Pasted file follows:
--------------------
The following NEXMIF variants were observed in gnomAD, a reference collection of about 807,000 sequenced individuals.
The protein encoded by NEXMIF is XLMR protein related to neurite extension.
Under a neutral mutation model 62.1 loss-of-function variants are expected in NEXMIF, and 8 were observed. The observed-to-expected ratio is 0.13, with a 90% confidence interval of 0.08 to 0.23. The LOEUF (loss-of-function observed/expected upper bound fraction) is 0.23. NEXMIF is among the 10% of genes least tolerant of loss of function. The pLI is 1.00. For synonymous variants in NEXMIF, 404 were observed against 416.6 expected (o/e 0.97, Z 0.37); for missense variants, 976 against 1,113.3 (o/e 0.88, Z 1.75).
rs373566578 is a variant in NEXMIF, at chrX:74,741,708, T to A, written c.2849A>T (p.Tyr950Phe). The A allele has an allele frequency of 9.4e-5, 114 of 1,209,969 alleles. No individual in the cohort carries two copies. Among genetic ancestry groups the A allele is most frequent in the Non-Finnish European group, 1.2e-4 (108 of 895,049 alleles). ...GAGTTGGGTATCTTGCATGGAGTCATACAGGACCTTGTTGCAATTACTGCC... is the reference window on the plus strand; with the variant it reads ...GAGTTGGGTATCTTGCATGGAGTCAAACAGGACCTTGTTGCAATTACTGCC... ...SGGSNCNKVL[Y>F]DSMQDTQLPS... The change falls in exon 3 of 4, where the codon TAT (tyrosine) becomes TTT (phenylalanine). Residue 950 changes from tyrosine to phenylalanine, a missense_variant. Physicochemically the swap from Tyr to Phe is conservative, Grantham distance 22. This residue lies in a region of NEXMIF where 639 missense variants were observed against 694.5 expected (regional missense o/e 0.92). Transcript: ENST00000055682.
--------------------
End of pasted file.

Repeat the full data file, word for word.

The following NEXMIF variants were observed in gnomAD, a reference collection of about 807,000 sequenced individuals.
The protein encoded by NEXMIF is XLMR protein related to neurite extension.
Under a neutral mutation model 62.1 loss-of-function variants are expected in NEXMIF, and 8 were observed. The observed-to-expected ratio is 0.13, with a 90% confidence interval of 0.08 to 0.23. The LOEUF (loss-of-function observed/expected upper bound fraction) is 0.23. NEXMIF is among the 10% of genes least tolerant of loss of function. The pLI is 1.00. For synonymous variants in NEXMIF, 404 were observed against 416.6 expected (o/e 0.97, Z 0.37); for missense variants, 976 against 1,113.3 (o/e 0.88, Z 1.75).
rs373566578 is a variant in NEXMIF, at chrX:74,741,708, T to A, written c.2849A>T (p.Tyr950Phe). The A allele has an allele frequency of 9.4e-5, 114 of 1,209,969 alleles. No individual in the cohort carries two copies. Among genetic ancestry groups the A allele is most frequent in the Non-Finnish European group, 1.2e-4 (108 of 895,049 alleles). ...GAGTTGGGTATCTTGCATGGAGTCATACAGGACCTTGTTGCAATTACTGCC... is the reference window on the plus strand; with the variant it reads ...GAGTTGGGTATCTTGCATGGAGTCAAACAGGACCTTGTTGCAATTACTGCC... ...SGGSNCNKVL[Y>F]DSMQDTQLPS... The change falls in exon 3 of 4, where the codon TAT (tyrosine) becomes TTT (phenylalanine). Residue 950 changes from tyrosine to phenylalanine, a missense_variant. Physicochemically the swap from Tyr to Phe is conservative, Grantham distance 22. This residue lies in a region of NEXMIF where 639 missense variants were observed against 694.5 expected (regional missense o/e 0.92). Transcript: ENST00000055682.